As I continued up I-101 from my overnight in Shelton, I was in familiar territory. Not only have I traveled the Olympic Peninsula many times while RVing, but in 2010 I spent the summer in and around Port Townsend and it was my privilege to explore more deeply. Hunger pains nudged me to stop in Quilcene and choose the Logger’s Landing Restaurant. It just looked the part of a place that served good food…and they did.
After ordering, I had time to observe fellow diners. Dining might be a fancy word. They were locals who just walked in, grabbed their own cup from the counter, wiped any residue from the previous morning and filled it on their own. One said, “Gross.” Another, “Aww, it’s just gettin’ ripe!” The good-natured waitress didn’t even bother asking what they wanted. She just told the cook who was there and the cook soon had their breakfast ready to be served.
My usual soft-centered eggs spread over hash browns was more than enough to fill me up and my coffee cup was kept to hot and overflowing. The fellows were enjoying their morning camaraderie, exchanging gossip (yes, men gossip) or silliness with the waitress. They were probably all former loggers or if nothing else, they were rustic.
If you think Quilcene is a strange name, I had already passed Lilliwaup, Duckabush, and Dosewallips. This is the land of the lush rain forests of Olympic National Park to the left with the Hood Canal to the right as I headed north. Volcano and Tsunami Evacuation signs were the norm, as were the elk crossing signs. The Roosevelt elk, named after President Theodore Roosevelt, are darker and larger than elk found in other parts of North America with an almost white rump patch. The elk herd, numbering around 5,000 animals, is the country’s largest unmanaged population.
I went by a couple more bays, totally fascinated by the mountains ahead, and turned from I-101 on to Washington St. that leads into Sequim. The touristy section of Sequim is a tight, slow-down type of drive where you are careful to allow the tourists (or anybody) to cross the street without seeing fear in their eyes. Sequim is a town of around 6,600 and refreshing for one who has lived two hours round trip away from major shopping areas for many years. It has the major box stores as well as Penney’s, Great Clips, lots of restaurants, some quaint, some in the McDonald’s category. And, with having to replace everything I left behind, it has been a novelty to drive a block or two or four to any type of store, bank, or fix-it place I needed.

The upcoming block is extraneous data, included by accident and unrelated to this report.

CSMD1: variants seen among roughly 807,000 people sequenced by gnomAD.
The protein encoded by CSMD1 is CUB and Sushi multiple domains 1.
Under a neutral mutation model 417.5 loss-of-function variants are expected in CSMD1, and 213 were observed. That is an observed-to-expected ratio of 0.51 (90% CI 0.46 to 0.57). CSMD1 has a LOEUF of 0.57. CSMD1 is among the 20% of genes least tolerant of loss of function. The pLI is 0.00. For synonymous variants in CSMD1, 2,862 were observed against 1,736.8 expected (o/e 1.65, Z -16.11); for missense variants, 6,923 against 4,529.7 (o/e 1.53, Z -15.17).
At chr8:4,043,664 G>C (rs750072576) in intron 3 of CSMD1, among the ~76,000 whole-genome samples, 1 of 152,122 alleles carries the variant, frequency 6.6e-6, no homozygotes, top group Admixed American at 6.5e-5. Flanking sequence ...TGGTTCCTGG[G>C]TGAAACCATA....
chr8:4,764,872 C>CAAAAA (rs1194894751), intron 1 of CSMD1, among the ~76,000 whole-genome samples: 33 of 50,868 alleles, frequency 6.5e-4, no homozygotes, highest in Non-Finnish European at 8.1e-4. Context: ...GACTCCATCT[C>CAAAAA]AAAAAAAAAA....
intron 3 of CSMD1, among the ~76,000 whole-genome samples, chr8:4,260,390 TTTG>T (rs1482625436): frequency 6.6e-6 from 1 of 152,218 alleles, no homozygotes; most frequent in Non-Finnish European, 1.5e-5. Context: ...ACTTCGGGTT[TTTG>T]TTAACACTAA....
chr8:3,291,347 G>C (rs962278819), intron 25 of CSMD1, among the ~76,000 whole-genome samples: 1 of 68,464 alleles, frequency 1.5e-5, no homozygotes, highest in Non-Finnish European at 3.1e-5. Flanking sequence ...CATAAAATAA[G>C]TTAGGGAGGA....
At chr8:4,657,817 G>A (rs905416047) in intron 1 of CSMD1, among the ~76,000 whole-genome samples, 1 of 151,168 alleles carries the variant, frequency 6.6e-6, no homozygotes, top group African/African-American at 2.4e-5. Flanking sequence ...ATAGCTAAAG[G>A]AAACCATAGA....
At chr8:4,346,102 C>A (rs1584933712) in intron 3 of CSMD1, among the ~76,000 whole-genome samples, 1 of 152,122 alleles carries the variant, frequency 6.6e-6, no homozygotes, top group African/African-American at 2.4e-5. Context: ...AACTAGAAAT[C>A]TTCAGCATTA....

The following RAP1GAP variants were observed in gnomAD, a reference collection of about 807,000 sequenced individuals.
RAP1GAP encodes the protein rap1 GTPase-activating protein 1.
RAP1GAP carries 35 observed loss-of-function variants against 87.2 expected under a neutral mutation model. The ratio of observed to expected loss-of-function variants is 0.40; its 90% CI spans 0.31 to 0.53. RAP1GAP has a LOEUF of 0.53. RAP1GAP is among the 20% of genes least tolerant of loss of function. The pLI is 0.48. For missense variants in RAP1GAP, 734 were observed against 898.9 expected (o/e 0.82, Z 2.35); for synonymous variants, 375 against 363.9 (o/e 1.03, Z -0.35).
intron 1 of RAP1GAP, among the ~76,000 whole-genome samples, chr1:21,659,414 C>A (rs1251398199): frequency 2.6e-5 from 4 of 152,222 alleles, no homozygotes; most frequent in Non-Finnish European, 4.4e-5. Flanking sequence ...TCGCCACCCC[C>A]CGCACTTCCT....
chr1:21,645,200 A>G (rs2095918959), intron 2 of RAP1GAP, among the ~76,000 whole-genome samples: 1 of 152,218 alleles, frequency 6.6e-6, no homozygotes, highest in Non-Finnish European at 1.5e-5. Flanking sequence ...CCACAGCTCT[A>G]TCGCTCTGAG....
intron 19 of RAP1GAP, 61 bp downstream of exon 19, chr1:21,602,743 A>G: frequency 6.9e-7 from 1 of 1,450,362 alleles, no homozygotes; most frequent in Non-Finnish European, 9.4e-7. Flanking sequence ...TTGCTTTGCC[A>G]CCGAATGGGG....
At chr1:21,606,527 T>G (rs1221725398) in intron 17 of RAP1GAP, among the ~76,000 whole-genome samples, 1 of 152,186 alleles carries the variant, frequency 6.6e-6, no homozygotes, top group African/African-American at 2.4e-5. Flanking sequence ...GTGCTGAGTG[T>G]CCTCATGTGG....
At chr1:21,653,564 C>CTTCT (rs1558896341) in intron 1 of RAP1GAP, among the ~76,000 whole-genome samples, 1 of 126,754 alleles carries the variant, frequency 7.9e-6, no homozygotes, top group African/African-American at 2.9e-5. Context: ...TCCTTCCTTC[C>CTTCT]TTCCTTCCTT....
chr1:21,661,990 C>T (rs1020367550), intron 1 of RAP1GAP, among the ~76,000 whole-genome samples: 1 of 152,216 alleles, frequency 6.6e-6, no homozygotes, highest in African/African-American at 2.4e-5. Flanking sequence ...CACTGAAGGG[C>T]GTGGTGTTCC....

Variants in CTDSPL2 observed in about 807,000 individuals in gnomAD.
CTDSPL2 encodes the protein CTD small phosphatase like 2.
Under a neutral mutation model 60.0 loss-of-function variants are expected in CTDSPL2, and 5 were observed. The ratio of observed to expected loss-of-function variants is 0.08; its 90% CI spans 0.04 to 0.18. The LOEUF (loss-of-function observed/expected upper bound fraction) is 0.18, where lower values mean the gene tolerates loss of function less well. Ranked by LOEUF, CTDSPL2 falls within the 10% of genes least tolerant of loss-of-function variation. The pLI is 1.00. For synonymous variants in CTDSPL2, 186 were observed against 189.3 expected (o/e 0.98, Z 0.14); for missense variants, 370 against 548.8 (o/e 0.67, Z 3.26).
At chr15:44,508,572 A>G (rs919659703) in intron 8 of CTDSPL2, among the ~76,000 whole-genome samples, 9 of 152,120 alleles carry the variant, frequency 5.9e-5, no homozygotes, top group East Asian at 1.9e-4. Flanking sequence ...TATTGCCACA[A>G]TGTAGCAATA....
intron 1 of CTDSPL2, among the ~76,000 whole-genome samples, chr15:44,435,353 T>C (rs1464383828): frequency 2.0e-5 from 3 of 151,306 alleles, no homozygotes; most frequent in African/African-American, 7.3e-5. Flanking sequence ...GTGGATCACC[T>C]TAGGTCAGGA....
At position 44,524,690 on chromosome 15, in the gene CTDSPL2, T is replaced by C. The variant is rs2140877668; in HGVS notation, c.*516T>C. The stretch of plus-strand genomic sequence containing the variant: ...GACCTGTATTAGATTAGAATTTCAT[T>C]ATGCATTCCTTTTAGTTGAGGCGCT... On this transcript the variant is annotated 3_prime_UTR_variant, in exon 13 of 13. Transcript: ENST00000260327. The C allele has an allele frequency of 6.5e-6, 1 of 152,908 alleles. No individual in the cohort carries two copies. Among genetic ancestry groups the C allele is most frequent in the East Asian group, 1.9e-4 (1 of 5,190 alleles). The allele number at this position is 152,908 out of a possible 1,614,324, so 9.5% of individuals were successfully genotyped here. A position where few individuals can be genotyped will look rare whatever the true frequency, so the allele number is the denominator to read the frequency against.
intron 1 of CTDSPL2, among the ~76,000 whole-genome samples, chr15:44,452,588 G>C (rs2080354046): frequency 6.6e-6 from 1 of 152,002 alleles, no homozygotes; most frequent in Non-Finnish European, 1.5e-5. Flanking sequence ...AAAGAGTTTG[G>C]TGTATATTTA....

Arriving “Home” doesn’t mean anything yet. I looked at the mileage and I had driven exactly 1,478 miles and it was not yet noon on the fifth day but I was “Home” for whenever my heart arrived. God Bless until next week.
Winter in the Wilderness, the first e-book novel published by Minshall, is offered at most Internet book sites. A print edition may be obtained from Amazon.
The fourth edition of RVing Alaska and Canada is available through Amazon.com.
At 45, Widow Minshall began 20 years of solo full-time RVing throughout Alaska, Mexico, and Canada. Sharlene canoed the Yukon, mushed sled dogs, worked a dude ranch, visited Hudson Bay polar bears, and lived six months on a Mexican beach. She lectured at Life on Wheels, published six RV-related books and wrote a novel, “Winter in the Wilderness.”
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